We start with an isomorphism between the algebra and a direct sum of matrix algebras with coefficients in tensor products of affine Hecke algebras. As done in [4], the isomorphism can be proved repeating the same arguments as for (see [5] where the proof for is presented, as a particular case of a more general result by G. Lusztig [8, §34]). Here we sketch a short different proof for using the known result for . We also prove the analogous theorem for the cyclotomic quotients of (with Ariki–Koike algebras replacing affine Hecke algebras). Useful for concrete use, the formulas for the generators are simple and given explicitly.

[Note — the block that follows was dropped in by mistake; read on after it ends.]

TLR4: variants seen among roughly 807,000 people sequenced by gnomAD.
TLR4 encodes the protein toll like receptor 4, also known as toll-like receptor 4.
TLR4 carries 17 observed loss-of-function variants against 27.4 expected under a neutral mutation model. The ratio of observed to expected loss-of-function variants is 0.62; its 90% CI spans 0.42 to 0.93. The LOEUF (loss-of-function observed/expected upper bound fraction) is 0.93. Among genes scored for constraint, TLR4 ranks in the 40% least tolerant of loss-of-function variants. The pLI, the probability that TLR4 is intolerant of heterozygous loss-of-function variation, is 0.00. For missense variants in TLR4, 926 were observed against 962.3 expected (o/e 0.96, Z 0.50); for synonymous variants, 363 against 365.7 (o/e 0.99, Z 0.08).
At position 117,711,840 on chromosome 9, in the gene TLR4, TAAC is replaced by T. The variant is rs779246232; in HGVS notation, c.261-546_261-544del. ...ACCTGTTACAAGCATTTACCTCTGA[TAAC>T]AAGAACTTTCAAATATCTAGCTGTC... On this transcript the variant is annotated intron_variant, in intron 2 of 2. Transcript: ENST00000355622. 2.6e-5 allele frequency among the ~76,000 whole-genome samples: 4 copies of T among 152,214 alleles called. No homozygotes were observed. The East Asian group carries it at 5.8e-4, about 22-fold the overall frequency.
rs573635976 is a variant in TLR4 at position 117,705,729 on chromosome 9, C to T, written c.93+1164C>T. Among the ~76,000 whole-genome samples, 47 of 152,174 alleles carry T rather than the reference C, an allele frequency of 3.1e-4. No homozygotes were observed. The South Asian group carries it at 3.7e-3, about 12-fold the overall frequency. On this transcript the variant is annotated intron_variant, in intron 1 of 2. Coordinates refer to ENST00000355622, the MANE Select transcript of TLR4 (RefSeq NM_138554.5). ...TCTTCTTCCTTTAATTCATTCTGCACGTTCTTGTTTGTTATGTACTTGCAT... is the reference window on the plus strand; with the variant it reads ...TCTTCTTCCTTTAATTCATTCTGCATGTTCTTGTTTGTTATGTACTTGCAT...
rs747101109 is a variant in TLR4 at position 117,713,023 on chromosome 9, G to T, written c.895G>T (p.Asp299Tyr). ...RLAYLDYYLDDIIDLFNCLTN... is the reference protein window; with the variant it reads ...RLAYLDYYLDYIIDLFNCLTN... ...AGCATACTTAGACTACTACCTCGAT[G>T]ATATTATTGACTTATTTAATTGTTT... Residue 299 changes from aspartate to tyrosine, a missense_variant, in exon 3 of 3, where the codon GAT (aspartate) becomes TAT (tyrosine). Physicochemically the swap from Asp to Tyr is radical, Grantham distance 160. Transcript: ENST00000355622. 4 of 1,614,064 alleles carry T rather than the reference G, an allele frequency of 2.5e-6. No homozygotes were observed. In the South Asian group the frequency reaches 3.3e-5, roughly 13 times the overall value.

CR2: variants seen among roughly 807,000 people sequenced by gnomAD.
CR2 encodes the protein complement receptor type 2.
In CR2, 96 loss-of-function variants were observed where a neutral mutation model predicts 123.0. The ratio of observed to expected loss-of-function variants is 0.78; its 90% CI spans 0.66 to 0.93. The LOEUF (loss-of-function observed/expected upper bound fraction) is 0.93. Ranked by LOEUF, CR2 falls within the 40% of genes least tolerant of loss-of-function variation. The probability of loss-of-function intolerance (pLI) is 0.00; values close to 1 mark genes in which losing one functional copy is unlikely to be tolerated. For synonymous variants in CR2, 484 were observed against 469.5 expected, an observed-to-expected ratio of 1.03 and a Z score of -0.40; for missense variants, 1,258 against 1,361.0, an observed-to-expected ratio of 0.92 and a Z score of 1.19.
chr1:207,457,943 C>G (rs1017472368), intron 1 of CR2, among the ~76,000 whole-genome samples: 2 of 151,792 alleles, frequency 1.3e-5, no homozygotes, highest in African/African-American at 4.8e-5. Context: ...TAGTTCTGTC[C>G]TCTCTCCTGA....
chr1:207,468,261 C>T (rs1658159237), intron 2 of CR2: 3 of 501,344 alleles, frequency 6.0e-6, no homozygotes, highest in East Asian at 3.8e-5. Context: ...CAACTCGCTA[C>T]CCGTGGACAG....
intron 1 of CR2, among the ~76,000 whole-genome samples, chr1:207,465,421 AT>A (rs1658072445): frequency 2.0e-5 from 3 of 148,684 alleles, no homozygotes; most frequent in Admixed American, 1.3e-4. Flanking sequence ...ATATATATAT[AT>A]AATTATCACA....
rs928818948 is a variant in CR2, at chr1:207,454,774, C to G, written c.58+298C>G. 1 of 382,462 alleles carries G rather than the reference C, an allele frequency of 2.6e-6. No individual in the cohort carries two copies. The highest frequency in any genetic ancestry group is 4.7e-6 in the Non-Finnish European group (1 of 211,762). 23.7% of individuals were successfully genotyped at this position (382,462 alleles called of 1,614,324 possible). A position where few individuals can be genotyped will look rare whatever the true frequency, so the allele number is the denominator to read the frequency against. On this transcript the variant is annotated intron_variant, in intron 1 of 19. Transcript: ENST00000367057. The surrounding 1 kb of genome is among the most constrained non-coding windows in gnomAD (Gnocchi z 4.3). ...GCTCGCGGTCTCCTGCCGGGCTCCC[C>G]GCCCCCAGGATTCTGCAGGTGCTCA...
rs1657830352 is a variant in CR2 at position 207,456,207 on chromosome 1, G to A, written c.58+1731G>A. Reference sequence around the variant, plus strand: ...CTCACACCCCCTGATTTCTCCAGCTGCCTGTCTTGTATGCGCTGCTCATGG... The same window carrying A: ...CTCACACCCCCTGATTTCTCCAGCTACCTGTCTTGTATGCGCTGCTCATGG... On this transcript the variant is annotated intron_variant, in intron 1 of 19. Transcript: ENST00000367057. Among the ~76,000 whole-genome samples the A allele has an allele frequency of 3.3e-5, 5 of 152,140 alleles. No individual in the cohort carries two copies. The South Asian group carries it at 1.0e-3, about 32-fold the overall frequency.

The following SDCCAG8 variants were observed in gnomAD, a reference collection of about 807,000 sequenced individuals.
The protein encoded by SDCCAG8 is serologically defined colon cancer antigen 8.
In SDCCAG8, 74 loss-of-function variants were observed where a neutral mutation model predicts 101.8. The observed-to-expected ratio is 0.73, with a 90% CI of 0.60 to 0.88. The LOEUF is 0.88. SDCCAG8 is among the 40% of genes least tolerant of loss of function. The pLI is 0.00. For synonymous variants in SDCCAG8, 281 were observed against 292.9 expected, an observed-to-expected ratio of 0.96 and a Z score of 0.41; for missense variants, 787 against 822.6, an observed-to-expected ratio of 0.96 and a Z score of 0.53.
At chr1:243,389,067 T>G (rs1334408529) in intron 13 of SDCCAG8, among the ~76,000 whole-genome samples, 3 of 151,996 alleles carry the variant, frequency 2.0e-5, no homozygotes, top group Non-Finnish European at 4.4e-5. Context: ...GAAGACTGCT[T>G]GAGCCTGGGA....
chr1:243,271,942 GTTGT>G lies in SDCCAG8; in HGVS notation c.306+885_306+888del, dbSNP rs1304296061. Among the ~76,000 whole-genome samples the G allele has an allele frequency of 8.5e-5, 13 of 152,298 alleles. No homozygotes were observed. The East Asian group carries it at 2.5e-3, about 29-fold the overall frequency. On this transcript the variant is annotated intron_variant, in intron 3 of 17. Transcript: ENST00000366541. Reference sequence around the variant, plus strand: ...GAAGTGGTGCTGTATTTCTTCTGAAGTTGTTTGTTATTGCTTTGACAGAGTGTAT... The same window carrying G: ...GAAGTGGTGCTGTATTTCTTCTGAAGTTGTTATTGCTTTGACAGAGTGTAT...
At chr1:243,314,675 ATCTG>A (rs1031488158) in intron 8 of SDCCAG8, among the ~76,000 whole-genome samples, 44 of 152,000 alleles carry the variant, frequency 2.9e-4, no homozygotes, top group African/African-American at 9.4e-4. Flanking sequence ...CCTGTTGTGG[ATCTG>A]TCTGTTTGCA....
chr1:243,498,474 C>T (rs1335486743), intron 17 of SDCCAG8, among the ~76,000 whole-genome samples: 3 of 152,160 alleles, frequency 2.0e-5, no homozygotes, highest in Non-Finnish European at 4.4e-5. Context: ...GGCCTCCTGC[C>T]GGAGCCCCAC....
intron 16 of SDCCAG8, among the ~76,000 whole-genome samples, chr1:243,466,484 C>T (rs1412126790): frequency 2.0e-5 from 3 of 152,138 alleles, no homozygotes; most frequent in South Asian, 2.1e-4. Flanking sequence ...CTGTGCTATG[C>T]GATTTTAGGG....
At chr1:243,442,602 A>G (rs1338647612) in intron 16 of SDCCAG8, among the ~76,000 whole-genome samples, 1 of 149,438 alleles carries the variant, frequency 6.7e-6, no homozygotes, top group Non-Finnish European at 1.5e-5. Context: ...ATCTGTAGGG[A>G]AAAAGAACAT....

Concerning links, S. Lambropoulou constructed invariants, analogues of the HOMFLYPT polynomial, for links in the solid torus from affine Hecke algebras [7]. Then, it was explained in [2] how to obtain invariants for those links from the algebras , unifying the methods of J. Juyumaya and S. Lambropoulou for and the construction of S. Lambropoulou for affine Hecke algebras. Due to the recent results of [3], it is expected that the invariants obtained from are stronger than the ones obtained from affine Hecke algebras.